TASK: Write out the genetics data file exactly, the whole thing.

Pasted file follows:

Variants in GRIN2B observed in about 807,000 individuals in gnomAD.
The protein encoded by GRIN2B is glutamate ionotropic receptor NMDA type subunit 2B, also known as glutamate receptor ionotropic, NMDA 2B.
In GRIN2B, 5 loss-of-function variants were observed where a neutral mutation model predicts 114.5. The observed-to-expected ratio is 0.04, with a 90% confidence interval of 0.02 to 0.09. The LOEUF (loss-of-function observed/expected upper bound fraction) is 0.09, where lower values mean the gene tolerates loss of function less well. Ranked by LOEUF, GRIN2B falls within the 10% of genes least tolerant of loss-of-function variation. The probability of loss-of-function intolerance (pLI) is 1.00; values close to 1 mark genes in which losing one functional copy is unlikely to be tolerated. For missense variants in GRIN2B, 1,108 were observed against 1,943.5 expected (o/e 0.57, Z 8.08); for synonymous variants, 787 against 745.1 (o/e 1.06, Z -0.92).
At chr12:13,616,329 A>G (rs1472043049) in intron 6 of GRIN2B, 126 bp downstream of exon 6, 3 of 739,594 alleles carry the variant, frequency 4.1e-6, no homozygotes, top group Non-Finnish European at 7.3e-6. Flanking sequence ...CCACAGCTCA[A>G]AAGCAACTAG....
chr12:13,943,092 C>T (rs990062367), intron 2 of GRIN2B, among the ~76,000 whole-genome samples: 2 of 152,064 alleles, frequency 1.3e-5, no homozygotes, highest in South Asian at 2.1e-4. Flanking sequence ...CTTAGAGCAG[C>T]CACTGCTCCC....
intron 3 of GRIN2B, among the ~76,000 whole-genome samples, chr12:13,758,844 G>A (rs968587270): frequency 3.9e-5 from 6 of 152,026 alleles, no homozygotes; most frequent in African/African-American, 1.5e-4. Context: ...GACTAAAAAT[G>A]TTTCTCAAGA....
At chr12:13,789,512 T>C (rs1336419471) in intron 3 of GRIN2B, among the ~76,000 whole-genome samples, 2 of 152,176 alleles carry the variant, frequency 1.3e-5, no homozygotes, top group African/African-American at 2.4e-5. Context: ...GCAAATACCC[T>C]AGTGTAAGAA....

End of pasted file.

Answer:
Variants in GRIN2B observed in about 807,000 individuals in gnomAD.
The protein encoded by GRIN2B is glutamate ionotropic receptor NMDA type subunit 2B, also known as glutamate receptor ionotropic, NMDA 2B.
In GRIN2B, 5 loss-of-function variants were observed where a neutral mutation model predicts 114.5. The observed-to-expected ratio is 0.04, with a 90% confidence interval of 0.02 to 0.09. The LOEUF (loss-of-function observed/expected upper bound fraction) is 0.09, where lower values mean the gene tolerates loss of function less well. Ranked by LOEUF, GRIN2B falls within the 10% of genes least tolerant of loss-of-function variation. The probability of loss-of-function intolerance (pLI) is 1.00; values close to 1 mark genes in which losing one functional copy is unlikely to be tolerated. For missense variants in GRIN2B, 1,108 were observed against 1,943.5 expected (o/e 0.57, Z 8.08); for synonymous variants, 787 against 745.1 (o/e 1.06, Z -0.92).
At chr12:13,616,329 A>G (rs1472043049) in intron 6 of GRIN2B, 126 bp downstream of exon 6, 3 of 739,594 alleles carry the variant, frequency 4.1e-6, no homozygotes, top group Non-Finnish European at 7.3e-6. Flanking sequence ...CCACAGCTCA[A>G]AAGCAACTAG....
chr12:13,943,092 C>T (rs990062367), intron 2 of GRIN2B, among the ~76,000 whole-genome samples: 2 of 152,064 alleles, frequency 1.3e-5, no homozygotes, highest in South Asian at 2.1e-4. Flanking sequence ...CTTAGAGCAG[C>T]CACTGCTCCC....
intron 3 of GRIN2B, among the ~76,000 whole-genome samples, chr12:13,758,844 G>A (rs968587270): frequency 3.9e-5 from 6 of 152,026 alleles, no homozygotes; most frequent in African/African-American, 1.5e-4. Context: ...GACTAAAAAT[G>A]TTTCTCAAGA....
At chr12:13,789,512 T>C (rs1336419471) in intron 3 of GRIN2B, among the ~76,000 whole-genome samples, 2 of 152,176 alleles carry the variant, frequency 1.3e-5, no homozygotes, top group African/African-American at 2.4e-5. Context: ...GCAAATACCC[T>C]AGTGTAAGAA....